Wednesday, January 23, 2013 (Day 14)
My legs are like lead and I couldn't have got more than three hours sleep last night. So much for playing football every morning; no chance I could even complete a couple of warm-up laps of the pitch with how I feel today. It was a particularly silly night of dreams on the Larium including one about The Collective being sold for $14 billion and another particularly absurd one where I get to hear, through a friend, that the insects have been plotting to storm my mosquito net. In the dream I prepare a second inner mosquito net to protect me ahead of their attack.
So there is no football training for me plus Charlie is coming up to visit today so I would like to get all of my stuff together ahead of his arrival. I write up my first bi-weekly progress report and prepare my own personal report listing my observations and recommendations for how the CBF league can be improved. I love what the CBF is doing but I think we can take it to a much higher level.
Charlie's car breaks down on the edge of Makeni, meaning we end up meeting at 2.30 rather than 1pm. His parents are visiting him in Sierra Leone for the first time and have driven up with him, his girlfriend Steph, and the new CBF volunteer for Makeni, Charlotte (who is replacing the departing Jayne). We steal a few minutes to go through everything. For me, my meeting with CBF headquarters next week is vital in deciding how I will spend the remainder of my time (roughly four weeks) in Sierra Leone.
Charlie's mum, Steph and I enjoy an afternoon drink at the Wusum Hotel on the edge of town. This place cost millions to build and will set you back upwards of $150 per night for a double room. The resident guests are nearly always foreign miners working in the region; money being no object to their bosses. Oh my God! They have air conditioning! I am tempted to sneak upstairs and break into one of the rooms where I could happily sleep for a week.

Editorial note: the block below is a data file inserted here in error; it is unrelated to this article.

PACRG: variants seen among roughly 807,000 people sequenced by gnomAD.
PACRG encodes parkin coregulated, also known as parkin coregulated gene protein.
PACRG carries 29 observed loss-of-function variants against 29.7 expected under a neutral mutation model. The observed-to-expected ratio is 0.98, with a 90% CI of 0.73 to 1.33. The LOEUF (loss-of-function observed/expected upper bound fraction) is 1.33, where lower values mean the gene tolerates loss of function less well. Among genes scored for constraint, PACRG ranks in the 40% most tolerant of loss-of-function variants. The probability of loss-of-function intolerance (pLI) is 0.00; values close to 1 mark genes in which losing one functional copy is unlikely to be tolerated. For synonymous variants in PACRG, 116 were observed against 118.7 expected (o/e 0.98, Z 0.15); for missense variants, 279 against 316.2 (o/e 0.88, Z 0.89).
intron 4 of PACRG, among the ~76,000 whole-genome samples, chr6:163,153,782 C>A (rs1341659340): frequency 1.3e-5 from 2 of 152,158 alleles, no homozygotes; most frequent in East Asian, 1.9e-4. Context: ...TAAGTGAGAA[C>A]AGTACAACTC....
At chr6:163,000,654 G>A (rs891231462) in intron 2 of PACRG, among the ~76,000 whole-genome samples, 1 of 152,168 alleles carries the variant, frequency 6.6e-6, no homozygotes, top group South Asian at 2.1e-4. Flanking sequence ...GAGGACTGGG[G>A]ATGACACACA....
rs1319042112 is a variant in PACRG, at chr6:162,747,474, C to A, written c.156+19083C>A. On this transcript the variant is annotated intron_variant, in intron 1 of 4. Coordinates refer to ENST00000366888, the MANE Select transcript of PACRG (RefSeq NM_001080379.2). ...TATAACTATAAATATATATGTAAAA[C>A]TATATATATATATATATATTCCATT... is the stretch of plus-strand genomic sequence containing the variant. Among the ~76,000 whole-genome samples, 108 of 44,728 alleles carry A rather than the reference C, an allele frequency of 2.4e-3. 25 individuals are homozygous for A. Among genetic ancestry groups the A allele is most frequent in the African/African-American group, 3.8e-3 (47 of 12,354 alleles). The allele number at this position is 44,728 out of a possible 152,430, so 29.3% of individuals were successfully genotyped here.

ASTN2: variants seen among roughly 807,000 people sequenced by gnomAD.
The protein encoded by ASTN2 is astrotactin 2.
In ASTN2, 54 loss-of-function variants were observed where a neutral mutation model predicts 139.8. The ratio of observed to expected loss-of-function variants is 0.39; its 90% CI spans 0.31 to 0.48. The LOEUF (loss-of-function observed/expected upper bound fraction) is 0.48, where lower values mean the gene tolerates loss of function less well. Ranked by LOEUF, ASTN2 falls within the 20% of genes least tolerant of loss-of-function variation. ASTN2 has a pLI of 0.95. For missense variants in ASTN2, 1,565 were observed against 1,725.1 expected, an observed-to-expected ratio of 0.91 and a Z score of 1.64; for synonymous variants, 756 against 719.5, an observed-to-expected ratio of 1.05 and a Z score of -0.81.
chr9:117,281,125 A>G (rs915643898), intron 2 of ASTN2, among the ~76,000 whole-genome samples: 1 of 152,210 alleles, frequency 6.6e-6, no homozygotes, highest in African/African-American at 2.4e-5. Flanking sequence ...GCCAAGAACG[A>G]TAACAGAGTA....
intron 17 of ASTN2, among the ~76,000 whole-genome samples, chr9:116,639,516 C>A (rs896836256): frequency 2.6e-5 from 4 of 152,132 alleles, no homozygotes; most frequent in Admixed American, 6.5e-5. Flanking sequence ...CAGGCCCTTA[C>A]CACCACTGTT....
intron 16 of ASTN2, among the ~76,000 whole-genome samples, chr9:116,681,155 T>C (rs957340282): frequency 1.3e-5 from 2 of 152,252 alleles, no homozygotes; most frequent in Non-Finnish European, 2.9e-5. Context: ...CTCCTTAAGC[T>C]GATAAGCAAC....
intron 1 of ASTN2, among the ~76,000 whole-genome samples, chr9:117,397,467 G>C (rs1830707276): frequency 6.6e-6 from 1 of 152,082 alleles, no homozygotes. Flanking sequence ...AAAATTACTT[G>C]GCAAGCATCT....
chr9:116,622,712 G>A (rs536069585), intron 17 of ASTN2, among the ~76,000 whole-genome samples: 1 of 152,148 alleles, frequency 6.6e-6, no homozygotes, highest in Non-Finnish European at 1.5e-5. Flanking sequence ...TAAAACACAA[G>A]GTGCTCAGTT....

With the new girl introduced to her new colleagues at the Micro-Finance office, Charlie and his father take the car to be repaired by Danish Jesper, who is the local 'quick fit' man in town. Luckily for Charlie's family the job is completed in enough time for them to drop me back in town and for them to set off before dark to reach the cashew nut plantation where they are spending the night.
Drifting off to sleep I hear what I think might be intruders in the house. It turns out to be Alasund bringing the second of our new housemates into the building. I shout something along the lines of: Who the hell are you? And what are you doing? That would strike the fear of God into anybody. The new girl, whose name I didn't catch, looks rather startled by my opening greeting.
More Than a Game joined The Collective and the Craig Bellamy Foundation in Sierra Leone for a seven-week voluntary placement in January 2013.